Roundtrip Ferry from Blanes to Tossa de Mar
Frequent visitors of Blanes can not help but notice that the economic downturn experienced by Spain and much of the west affect this Catalonia town as well.
Blanes is one of the Costa Brava’s primary beach resort destinations for tourists from throughout Europe, but also for locals from Barcelona and other places in Catalonia.
While international tourists concentrate for the most part in the hotel and camping district, most Catalans appreciate the old town, which — by virtue of the fact that it can rely for much on its income of the local fishing fleet and fish auction — has remained blessedly distinct from its hotel and camping district at the southern end of the town.
Nowadays one is hard-pressed to find a hotel along the old town’s beach front, though short-time, self-catered rentals in Blanes’ countless apartment buildings appear to be in plenty supply.
Along with income generated by international tourism, Blanes has long also been able to count on the spending power of its upscale visitors from Barcelona. Its downtown shopping district includes many top-class fashion stores, jewelers, and other shops that cater to the rich.
However, a number of economic realities are facing Blanes. Foremost among them are Spain’s housing crisis — which indirectly reduces the number of local visitors — and the fact that the resort, like so many along the Costa Brava, is attracting fewer international visitors as well.
Fewer international tourists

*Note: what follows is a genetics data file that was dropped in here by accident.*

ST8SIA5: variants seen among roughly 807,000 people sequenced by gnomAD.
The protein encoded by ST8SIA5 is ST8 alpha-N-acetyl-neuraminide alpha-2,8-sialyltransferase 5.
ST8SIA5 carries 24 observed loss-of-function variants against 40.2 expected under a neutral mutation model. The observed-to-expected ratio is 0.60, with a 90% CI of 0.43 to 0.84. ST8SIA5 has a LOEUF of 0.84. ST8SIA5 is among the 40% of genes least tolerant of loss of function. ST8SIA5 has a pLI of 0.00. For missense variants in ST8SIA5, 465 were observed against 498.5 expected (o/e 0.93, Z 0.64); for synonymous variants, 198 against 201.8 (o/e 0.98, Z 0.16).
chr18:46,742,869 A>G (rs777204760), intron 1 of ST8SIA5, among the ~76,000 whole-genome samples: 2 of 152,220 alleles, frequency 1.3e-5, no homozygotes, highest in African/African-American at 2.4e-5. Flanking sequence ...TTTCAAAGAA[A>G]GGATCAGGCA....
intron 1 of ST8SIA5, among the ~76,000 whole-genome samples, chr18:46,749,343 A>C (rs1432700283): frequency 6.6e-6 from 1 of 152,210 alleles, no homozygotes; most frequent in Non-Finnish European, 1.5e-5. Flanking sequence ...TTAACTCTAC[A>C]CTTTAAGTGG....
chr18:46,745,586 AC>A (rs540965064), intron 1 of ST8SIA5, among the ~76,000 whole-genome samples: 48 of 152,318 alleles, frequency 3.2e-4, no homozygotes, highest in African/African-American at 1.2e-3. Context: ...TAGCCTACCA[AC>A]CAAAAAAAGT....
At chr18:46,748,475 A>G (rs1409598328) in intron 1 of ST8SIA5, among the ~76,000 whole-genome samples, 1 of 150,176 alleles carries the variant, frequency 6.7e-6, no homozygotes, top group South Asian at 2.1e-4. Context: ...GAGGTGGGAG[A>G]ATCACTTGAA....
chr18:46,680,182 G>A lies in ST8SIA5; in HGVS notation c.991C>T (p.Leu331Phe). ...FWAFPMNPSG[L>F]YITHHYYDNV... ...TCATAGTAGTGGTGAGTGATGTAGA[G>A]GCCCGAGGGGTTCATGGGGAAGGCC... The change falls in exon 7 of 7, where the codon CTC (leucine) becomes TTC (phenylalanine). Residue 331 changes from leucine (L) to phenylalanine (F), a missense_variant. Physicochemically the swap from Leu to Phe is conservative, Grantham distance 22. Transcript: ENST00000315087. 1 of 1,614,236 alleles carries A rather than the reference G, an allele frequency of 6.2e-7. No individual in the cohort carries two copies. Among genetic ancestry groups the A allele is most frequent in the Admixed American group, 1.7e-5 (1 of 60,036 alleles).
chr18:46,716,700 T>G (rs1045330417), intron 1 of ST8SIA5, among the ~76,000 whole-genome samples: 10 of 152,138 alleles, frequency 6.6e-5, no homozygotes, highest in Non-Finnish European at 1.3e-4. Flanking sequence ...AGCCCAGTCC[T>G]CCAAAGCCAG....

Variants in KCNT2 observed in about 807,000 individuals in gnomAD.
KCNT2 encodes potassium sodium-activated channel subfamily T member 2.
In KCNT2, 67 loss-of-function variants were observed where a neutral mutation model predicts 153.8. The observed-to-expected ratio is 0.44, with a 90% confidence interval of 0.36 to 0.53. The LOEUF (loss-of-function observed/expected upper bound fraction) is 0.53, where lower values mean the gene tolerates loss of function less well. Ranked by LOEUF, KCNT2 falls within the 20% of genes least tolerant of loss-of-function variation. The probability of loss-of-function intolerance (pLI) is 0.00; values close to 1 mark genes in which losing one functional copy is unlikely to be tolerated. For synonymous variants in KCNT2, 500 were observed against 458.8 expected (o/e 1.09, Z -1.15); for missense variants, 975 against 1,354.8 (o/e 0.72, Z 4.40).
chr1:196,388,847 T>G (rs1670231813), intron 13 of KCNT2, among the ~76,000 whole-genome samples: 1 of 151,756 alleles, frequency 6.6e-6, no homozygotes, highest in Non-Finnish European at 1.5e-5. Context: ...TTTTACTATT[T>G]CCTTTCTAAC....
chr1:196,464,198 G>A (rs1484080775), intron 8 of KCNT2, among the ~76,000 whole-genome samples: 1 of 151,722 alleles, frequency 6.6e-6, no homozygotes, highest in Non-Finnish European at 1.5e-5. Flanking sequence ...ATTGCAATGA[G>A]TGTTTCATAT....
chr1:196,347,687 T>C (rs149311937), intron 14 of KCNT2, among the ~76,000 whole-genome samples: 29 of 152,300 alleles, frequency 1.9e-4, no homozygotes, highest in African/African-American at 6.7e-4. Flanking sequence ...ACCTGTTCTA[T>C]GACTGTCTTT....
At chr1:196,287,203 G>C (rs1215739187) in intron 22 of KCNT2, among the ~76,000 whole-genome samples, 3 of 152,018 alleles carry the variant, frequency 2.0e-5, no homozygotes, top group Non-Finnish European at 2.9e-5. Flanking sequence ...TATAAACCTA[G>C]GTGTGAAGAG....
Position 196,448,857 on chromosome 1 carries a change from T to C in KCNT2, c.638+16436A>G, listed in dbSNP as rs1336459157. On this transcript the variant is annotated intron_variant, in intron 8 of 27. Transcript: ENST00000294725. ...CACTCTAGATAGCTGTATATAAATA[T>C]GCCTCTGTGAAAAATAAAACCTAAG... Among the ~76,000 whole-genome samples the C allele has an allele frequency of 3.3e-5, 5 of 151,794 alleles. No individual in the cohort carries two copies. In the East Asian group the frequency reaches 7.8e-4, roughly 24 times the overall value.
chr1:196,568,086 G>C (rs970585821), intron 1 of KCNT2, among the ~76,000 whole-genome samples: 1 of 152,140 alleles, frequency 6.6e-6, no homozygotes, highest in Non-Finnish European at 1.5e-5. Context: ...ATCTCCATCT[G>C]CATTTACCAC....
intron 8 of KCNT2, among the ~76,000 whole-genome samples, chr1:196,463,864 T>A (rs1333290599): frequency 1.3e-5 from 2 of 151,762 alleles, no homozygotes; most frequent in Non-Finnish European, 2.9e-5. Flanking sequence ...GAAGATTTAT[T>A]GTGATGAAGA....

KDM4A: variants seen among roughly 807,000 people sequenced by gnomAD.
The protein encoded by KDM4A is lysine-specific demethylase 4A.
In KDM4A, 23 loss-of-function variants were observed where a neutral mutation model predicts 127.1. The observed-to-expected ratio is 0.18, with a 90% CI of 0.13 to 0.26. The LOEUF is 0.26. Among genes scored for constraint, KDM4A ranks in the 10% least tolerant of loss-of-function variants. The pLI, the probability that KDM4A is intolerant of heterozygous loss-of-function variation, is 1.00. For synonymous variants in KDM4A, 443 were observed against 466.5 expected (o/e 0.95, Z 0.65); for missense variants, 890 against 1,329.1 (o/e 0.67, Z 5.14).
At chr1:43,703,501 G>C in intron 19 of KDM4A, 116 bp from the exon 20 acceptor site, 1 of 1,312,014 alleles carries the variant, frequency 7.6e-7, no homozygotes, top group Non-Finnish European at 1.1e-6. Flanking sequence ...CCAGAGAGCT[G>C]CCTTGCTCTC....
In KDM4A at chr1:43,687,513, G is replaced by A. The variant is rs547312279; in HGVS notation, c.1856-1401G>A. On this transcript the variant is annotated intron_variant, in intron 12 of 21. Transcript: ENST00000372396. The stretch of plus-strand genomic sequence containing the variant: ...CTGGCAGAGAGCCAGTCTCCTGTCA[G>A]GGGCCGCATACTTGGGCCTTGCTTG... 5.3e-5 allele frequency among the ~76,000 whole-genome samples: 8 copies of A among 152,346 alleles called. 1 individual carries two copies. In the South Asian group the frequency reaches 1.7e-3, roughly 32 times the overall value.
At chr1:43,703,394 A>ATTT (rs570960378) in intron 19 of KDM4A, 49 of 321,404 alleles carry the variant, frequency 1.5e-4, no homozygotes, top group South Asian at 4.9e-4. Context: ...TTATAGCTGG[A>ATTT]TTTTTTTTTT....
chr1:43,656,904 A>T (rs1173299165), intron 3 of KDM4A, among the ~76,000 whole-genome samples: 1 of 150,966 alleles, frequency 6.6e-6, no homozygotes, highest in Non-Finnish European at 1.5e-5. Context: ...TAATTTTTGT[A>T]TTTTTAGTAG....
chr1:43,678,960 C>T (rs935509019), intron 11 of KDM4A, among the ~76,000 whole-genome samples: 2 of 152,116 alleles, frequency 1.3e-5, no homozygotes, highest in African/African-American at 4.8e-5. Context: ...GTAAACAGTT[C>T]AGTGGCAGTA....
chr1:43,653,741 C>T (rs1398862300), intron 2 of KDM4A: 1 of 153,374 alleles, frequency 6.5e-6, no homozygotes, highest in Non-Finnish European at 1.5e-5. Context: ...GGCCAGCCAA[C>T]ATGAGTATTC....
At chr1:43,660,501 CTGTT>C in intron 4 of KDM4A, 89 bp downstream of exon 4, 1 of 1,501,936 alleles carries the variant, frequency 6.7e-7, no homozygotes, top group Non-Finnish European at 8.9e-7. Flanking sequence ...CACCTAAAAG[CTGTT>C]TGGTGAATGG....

Over the past few years the town has seen a slowly dwindling number of tourists. One reason: three years ago, several British magazines and newspapers declared Lloret de Mar — Blanes’ exceedingly gaudy tourist trap to the north — to be ‘out.’ Many tour operators dropped Lloret — which attracts a rowdy crowd of young visitors interested in sun, sand, discos and sex — from their lineup.
Fewer tourists in Lloret also means fewer visitors in Blanes. Many vacationers, young and old alike, who intend to visit Lloret prefer to stay in the more relaxed surroundings of Blanes. The latter’s beaches — while among the best along the Costa Brava — are also far less crowded.
Another reason: many tourists have moved from the Costa Brava to newer, relatively unspoiled — and, for the time being, still inexpensive — markets in the newer member countries of the expanding EU. Croatia, for instance, actively advertises that it is ‘inexpensive’ and — “still” — has a coast that shows what beach-side towns and villages throughout the Mediterranean used to look like.
Spain is experiencing a severe housing crisis caused on the one hand by reckless overbuilding, and on the other hand by rising interest rates. The latter is part of the international fallout in the wake of sheer criminal stupidity on the part of greedy American banks — whose practice of extending home loans to people who cannot afford them has caused a crisis throughout the credit market.
The problems in Spain’s housing sector have hit Catalonia particularly hard. A few years back the Costa Brava was littered up and down the coast with construction cranes, stamping apartment buildings and hotels out of the ground almost faster than the eye could follow. (s an aside, some people say this building boom was inspired in large part by the need to get rid of black money just before the introduction of the Euro. As another aside: it is a crying shame that many of these new building have replaced the type of classic Catalan houses that (used to) make Costa Brava towns and villages so picturesque and attractive.